For this week, please read 2 Samuel 15:1-17:14. This week is part two of three of the story of Absalom’s Rebellion.
In episode 9 (which takes place over a period of eleven years), we saw the causes of Absalom’s Rebellion and how Absalom laid the foundation for his Rebellion. His rebellion begins with the rape of sister Tamar by his half-brother and David’s first-born son Amnon. It was David that sent Tamar to care for Amnon and who later refuses to punish Amnon for his act. For two years, Amnon escapes punishment until Absalom has him killed at the sheep-shearing festival. After the murder, Absalom flees to his maternal grandfather’s city-state of Geshur where he spends the next three years. Joab has David allow Absalom back into Jerusalem, but for the next two years, David refuses to even speak with his son. Absalom finally obtains an audience with the king, but there is no reconciliation with his father. For the next four years, Absalom sets up court at the gate of Jerusalem, meeting everyone who comes into the city seeking justice. Absalom is the heir-apparent but being estranged from David, his father and his king, puts his succession in doubt.
In this week’s episode, Absalom flawlessly executes phase one of his rebellion. The first phase of the rebellion goes well, but Absalom is misled by one of David’s advisors as to phase two. This week we meet two new characters:
Ahithophel – Ahithophel is David’s most trusted counselor. David considers him an oracle of the Lord. He is the father of Eliam (2 Sam. 23:34) who is the father of Bathsheba (2 Sam. 11:3). Ahithophel will support Absalom in his rebellion.
Hushai – Hushai is the “king’s friend” which is more of a political office that statement of affinity. Hushai will pretend to support Absalom in his rebellion. In the 1960s, the CIA published a Secret report on Hushai calling him the “most dangerous and least publicized of all agents, the ‘agent of influence.’” The report was declassified in the 1990s and is HERE.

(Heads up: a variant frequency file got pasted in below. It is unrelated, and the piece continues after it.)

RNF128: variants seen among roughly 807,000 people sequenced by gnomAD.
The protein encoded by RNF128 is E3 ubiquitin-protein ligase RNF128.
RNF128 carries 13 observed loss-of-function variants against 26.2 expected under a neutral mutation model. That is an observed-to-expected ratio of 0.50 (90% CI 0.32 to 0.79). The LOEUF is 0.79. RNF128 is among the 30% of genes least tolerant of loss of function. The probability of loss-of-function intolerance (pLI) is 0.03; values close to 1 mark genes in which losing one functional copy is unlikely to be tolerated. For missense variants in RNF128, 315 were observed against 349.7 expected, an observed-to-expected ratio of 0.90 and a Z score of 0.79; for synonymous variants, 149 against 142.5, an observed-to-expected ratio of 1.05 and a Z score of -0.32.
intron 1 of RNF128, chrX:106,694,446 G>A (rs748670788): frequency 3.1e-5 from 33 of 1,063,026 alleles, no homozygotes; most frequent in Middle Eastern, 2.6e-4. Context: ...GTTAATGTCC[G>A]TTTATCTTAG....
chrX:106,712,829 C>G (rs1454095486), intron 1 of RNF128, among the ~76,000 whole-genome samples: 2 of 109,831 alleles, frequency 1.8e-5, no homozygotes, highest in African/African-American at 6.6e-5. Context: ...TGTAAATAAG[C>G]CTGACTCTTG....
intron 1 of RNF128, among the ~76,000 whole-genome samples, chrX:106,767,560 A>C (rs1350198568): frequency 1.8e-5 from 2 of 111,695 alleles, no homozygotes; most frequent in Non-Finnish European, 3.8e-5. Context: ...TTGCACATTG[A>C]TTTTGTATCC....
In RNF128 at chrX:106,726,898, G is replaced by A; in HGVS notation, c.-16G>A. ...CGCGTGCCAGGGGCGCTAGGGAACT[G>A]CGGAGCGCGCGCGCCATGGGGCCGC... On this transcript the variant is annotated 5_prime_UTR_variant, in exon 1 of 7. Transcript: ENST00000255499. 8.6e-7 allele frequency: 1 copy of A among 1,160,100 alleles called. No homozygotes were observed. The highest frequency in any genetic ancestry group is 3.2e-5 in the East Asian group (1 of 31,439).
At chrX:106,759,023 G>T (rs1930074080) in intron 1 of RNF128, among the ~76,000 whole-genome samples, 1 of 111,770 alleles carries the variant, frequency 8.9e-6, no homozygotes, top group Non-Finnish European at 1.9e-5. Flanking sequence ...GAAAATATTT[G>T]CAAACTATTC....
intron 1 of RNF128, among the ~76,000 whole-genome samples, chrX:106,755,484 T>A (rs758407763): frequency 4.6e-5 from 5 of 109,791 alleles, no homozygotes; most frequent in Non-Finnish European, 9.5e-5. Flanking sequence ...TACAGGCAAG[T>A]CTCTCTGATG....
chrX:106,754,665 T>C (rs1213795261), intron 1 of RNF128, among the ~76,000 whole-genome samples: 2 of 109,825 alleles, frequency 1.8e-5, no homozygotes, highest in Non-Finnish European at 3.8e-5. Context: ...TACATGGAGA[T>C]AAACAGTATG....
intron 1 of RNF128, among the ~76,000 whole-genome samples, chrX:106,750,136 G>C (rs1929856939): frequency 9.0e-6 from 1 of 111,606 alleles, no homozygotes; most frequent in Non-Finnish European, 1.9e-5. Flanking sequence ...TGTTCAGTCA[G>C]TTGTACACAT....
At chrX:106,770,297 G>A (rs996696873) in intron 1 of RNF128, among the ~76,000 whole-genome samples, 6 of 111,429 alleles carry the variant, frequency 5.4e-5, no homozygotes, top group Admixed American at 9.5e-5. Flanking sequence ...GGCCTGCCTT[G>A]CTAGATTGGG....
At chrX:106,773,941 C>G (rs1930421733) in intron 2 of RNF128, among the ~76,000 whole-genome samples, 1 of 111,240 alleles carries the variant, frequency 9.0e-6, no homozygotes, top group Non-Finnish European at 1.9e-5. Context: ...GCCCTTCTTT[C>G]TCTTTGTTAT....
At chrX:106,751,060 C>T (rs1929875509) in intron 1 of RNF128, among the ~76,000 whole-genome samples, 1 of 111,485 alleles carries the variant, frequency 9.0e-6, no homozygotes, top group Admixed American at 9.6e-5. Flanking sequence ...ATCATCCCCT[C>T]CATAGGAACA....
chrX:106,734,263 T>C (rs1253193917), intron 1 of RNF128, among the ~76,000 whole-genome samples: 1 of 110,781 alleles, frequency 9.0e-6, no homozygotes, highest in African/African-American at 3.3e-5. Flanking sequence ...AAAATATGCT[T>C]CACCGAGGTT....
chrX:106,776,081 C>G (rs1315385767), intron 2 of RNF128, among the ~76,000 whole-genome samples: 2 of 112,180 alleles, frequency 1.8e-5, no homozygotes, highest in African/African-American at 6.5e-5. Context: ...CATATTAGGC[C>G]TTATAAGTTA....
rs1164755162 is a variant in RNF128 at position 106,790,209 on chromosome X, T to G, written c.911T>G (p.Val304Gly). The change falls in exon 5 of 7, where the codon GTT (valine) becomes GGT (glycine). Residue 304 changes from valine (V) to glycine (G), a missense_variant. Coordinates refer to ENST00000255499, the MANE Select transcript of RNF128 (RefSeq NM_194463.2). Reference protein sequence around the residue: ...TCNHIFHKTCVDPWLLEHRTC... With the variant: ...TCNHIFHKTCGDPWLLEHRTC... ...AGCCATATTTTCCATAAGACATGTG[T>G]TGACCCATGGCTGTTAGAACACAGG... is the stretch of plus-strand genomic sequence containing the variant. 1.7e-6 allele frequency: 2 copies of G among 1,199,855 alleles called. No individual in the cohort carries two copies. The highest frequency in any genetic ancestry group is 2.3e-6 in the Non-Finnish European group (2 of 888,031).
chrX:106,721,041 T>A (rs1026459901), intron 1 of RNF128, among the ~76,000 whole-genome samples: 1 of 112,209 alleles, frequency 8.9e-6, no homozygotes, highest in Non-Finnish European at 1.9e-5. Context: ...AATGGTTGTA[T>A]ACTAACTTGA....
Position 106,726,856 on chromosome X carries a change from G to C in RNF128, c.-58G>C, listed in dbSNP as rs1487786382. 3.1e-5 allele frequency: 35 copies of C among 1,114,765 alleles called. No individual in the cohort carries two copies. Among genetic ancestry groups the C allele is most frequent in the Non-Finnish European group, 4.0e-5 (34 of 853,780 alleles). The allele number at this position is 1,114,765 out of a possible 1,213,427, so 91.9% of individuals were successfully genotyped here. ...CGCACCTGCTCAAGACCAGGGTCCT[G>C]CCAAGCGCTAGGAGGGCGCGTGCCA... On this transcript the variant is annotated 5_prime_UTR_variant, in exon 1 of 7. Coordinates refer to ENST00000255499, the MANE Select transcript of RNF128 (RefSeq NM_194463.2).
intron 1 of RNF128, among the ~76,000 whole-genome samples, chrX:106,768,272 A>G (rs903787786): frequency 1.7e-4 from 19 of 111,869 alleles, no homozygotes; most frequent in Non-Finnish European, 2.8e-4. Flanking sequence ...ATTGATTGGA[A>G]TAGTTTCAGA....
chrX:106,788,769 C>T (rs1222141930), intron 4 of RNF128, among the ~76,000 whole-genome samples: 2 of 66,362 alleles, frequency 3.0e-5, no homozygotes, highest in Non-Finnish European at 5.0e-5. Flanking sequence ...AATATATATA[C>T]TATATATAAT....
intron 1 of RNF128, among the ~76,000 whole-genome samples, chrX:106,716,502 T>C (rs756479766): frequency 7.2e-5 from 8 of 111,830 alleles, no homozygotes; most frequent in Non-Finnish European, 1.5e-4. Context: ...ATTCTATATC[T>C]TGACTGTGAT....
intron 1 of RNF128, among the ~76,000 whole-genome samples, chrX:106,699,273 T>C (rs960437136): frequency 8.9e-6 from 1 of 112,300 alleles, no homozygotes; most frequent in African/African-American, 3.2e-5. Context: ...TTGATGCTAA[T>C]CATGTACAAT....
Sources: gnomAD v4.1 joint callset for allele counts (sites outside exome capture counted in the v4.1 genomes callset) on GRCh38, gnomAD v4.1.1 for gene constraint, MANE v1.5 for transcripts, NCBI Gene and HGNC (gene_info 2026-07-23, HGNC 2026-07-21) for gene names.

Commencement of the Rebellion: (Ch. 15:7-12)
For four years, Absalom holds court at the gates of Jerusalem meeting Israelites from all corners of the kingdom. Absalom tells the “king” (not his “father” or “David”) that he must go to Hebron to worship the Lord to fulfill a vow he made while in exile in Geshur. The king tells him to “Go in Peace.” There is no filial affinity. David’s failure to reconcile makes Absalom’s decision to rebel easy.
On his pilgrimage to Hebron, Absalom plays his hand. He sends secret messengers throughout Israel telling them that the rebellion will soon commence. There is no evidence that either David or anyone loyal to him knows what is about to happen.
Absalom reaches the Judean city and David’s former capital of Hebron. It is here that David was crowned king of Judah while Ishbosheth was still king in Israel. In Hebron, Absalom sends for David’s most trusted advisor Ahithophel. And the Bible tells us that “the conspiracy grew strong, and the people with Absalom kept increasing.” Like David many years ago, Absalom is anointed as the new king of Judah from where he will launch his rebellion.
Root of the Rebellion:
The roots of the rebellion consist of old wounds and new neglects. As we will see, there are still those who nurse a grudge against David for the death of Saul. Remember, when Saul died in the Battle of the Jezreel Valley against the Philistines, David was a Philistine vassal and never came to Saul’s aid.
Then there was the public scandal of David, Bathsheba, and Uriah. Killing a man to steal his wife whom you have raped is not a good look for a leader. (Ahithophel defects to Absalom because Bathsheba was his granddaughter.) The scandal of David’s household of Tamar, Amnon, and Absalom would also be well known. And there may have been other scandals as well which lowered the people and the village elder’s view of their king.
Also, David is constantly involved in war. Constant war requires conscription, death, and taxes. As we know from our own experiences, support for wars wanes after years of fighting. When Israel first demanded a king, Samuel warned them about the financial and social consequences of having a centralized state. 1 Samuel 8. Now, the people are seeing that warning coming to fruition.
In addition to David’s affirmative acts, there are acts of neglect. Absalom was able to ingratiate himself to common Israelites because David neglected justice for them. Hebron itself was David’s former capital city. Apparently, its elders too felt neglected and pushed aside so that they were willing to rebel against a fellow Judean. Neglect kills love. The beloved king is no more.
Evacuation of Jerusalem: